Kelly Thomas had some specific questions for the Pasco County School Board.
The school district had given families until the end of July 8 to say whether their children would attend classes in-person, live remote or virtually. Yet officials hadn’t yet provided some key details, to her mind.
“One question automatically, going back to traditional schools, are the children going to be required to wear masks?” the Wesley Chapel mom asked Tuesday during the board’s telephonic meeting. “I know the deadline is tomorrow for us to make choices.”
She said she worried about making a decision, and then wanting to change based on answers she didn’t have.
Superintendent Kurt Browning said he didn’t want to set a mask rule just yet. The staff has written guidelines for a mandate, as the School Board requested in late June, but Browning said the situation is changing too rapidly to act now.
“It would be my preference that we watch and be fluid and make a decision as we get closer to the time when school opens,” he said.
But he did provide a different assurance.
“You are not going to be locked in” to the instructional model turned in Wednesday, Browning told Thomas. “If you choose Option 1 or Option 2, there is nothing that precludes you from changing that option throughout the school year.”
Option 1 is the fully in-person model. Option 2 is to attend your usual school, but remotely with other students and a teacher who are also live online.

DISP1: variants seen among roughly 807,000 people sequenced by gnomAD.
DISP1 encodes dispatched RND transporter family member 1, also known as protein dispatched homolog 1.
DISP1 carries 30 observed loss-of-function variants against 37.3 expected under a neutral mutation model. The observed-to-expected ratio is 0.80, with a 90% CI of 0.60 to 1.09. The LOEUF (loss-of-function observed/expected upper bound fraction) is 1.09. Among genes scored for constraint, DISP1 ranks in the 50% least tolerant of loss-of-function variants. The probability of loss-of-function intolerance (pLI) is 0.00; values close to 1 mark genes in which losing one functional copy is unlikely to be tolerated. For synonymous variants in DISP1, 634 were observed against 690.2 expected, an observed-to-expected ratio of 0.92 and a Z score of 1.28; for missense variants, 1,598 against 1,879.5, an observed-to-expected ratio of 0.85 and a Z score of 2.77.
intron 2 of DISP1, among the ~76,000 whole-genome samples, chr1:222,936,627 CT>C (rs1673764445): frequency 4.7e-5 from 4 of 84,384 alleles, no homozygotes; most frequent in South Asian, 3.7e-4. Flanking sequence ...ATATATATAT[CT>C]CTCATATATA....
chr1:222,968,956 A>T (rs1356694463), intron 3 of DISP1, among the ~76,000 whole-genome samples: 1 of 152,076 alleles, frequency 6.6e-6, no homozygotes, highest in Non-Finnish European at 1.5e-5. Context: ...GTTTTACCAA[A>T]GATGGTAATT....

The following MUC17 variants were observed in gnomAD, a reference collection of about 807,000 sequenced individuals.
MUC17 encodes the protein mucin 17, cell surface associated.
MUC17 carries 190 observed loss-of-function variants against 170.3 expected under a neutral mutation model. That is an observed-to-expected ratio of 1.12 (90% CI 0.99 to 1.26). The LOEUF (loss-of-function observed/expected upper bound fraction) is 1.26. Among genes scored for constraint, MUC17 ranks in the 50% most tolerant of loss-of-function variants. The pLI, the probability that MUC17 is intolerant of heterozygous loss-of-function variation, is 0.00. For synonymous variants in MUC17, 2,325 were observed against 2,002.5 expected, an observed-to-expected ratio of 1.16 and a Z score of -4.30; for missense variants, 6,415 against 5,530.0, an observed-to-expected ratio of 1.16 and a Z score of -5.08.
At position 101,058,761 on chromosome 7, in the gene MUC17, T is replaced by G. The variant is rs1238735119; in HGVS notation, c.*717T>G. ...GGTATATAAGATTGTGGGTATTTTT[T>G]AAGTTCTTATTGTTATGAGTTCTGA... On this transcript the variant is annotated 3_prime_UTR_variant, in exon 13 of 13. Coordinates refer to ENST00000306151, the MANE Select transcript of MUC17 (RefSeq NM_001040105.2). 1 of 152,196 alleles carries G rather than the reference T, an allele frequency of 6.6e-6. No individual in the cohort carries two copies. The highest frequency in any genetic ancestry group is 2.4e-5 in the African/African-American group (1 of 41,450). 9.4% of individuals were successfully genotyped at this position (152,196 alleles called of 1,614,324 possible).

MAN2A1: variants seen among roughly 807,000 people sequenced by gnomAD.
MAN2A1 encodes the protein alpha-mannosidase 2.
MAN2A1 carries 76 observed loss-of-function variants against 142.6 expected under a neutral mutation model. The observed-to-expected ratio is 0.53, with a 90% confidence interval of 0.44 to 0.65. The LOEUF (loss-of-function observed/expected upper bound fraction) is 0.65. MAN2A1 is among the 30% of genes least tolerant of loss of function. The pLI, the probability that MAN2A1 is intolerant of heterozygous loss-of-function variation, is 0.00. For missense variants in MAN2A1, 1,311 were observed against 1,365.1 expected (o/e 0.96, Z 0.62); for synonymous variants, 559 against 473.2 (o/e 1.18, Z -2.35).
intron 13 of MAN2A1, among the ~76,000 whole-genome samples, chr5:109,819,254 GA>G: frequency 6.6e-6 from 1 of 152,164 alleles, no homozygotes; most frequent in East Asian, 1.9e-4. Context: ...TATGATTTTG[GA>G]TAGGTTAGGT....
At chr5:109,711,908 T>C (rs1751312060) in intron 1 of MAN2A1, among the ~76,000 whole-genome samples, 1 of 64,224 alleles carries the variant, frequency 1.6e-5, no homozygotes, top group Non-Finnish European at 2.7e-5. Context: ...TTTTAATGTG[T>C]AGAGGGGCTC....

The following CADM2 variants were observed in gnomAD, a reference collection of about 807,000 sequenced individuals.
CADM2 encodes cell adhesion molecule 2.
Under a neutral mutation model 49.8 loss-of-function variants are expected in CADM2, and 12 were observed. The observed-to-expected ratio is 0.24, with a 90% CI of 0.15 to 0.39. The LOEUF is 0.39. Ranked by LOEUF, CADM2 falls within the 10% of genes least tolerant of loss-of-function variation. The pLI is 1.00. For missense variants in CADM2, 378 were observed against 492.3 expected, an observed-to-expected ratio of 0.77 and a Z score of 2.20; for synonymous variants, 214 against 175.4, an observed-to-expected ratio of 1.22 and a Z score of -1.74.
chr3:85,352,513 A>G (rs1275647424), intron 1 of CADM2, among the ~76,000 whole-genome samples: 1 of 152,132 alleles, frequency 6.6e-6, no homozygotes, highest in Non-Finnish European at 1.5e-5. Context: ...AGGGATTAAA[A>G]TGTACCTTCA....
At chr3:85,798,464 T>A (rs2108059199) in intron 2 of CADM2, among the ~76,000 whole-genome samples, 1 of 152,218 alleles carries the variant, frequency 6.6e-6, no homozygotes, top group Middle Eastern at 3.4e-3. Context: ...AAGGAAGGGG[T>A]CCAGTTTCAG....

The two will be run within the same schools, and follow the same curriculum. So they should be interchangeable as family needs might dictate, he said.
By contrast, families that choose the independent virtual school model would have fewer options to switch. The courses, teacher assignments and funding model are distinct and separate from the others.
Assistant superintendent Kevin Shibley said the three choices appear to be “very consistent” with state reopening guidelines, and he had no concerns about needing to revamp them. Still, district officials made clear that they want to have parent responses this week so they can send the correct numbers of teachers and other employees to the right places.
Board member Megan Harding said her email in-box had been flooded by parents wanting to know about masks and other issues that matter to them as they make their selections.
She stressed that the board had been clear in its desire to require masks if health conditions do not improve. But she added that, with the administration having gone on record stating that parents can change their schooling choices for their children, not having an immediate mask rule was more acceptable.
The message was personal for board chairwoman Colleen Beaudoin.
“I know, too, that parents feel anxiety about choosing an option (Wednesday) because I am one of those parents,” she said. “I’m confident that our school-based staff is going to work with families to address their concerns and, if they need to make changes in the schedule, I’m confident that our leaders in our schools are going to do what’s best for students, and that’s what parents really want to know and want to hear.”
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